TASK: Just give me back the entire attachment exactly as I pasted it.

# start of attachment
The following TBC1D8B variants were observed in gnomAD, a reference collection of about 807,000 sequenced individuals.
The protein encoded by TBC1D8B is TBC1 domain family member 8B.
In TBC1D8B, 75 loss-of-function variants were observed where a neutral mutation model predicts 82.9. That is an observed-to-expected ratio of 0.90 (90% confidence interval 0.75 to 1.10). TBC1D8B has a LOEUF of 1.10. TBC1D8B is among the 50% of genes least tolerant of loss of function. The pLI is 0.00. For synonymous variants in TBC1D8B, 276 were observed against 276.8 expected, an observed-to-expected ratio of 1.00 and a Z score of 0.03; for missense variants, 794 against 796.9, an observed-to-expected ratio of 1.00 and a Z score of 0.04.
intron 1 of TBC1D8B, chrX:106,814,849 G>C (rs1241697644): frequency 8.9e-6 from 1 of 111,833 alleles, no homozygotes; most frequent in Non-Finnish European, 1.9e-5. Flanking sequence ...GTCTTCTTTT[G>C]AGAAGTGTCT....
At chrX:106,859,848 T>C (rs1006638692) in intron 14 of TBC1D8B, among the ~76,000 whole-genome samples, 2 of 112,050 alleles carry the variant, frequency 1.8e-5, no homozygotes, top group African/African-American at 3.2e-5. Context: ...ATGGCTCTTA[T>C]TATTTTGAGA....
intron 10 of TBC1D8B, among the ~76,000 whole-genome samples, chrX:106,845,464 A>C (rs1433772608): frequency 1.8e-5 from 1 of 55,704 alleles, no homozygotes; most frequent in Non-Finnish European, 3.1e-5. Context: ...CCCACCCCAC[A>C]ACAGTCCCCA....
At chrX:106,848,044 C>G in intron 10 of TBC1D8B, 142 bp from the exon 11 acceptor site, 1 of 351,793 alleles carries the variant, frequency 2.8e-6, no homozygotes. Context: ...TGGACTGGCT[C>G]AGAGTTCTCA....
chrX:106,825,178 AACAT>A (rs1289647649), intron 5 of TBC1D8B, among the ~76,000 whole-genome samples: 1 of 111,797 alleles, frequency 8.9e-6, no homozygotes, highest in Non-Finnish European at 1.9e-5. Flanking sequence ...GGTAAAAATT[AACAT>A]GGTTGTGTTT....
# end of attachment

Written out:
The following TBC1D8B variants were observed in gnomAD, a reference collection of about 807,000 sequenced individuals.
The protein encoded by TBC1D8B is TBC1 domain family member 8B.
In TBC1D8B, 75 loss-of-function variants were observed where a neutral mutation model predicts 82.9. That is an observed-to-expected ratio of 0.90 (90% confidence interval 0.75 to 1.10). TBC1D8B has a LOEUF of 1.10. TBC1D8B is among the 50% of genes least tolerant of loss of function. The pLI is 0.00. For synonymous variants in TBC1D8B, 276 were observed against 276.8 expected, an observed-to-expected ratio of 1.00 and a Z score of 0.03; for missense variants, 794 against 796.9, an observed-to-expected ratio of 1.00 and a Z score of 0.04.
intron 1 of TBC1D8B, chrX:106,814,849 G>C (rs1241697644): frequency 8.9e-6 from 1 of 111,833 alleles, no homozygotes; most frequent in Non-Finnish European, 1.9e-5. Flanking sequence ...GTCTTCTTTT[G>C]AGAAGTGTCT....
At chrX:106,859,848 T>C (rs1006638692) in intron 14 of TBC1D8B, among the ~76,000 whole-genome samples, 2 of 112,050 alleles carry the variant, frequency 1.8e-5, no homozygotes, top group African/African-American at 3.2e-5. Context: ...ATGGCTCTTA[T>C]TATTTTGAGA....
intron 10 of TBC1D8B, among the ~76,000 whole-genome samples, chrX:106,845,464 A>C (rs1433772608): frequency 1.8e-5 from 1 of 55,704 alleles, no homozygotes; most frequent in Non-Finnish European, 3.1e-5. Context: ...CCCACCCCAC[A>C]ACAGTCCCCA....
At chrX:106,848,044 C>G in intron 10 of TBC1D8B, 142 bp from the exon 11 acceptor site, 1 of 351,793 alleles carries the variant, frequency 2.8e-6, no homozygotes. Context: ...TGGACTGGCT[C>G]AGAGTTCTCA....
chrX:106,825,178 AACAT>A (rs1289647649), intron 5 of TBC1D8B, among the ~76,000 whole-genome samples: 1 of 111,797 alleles, frequency 8.9e-6, no homozygotes, highest in Non-Finnish European at 1.9e-5. Flanking sequence ...GGTAAAAATT[AACAT>A]GGTTGTGTTT....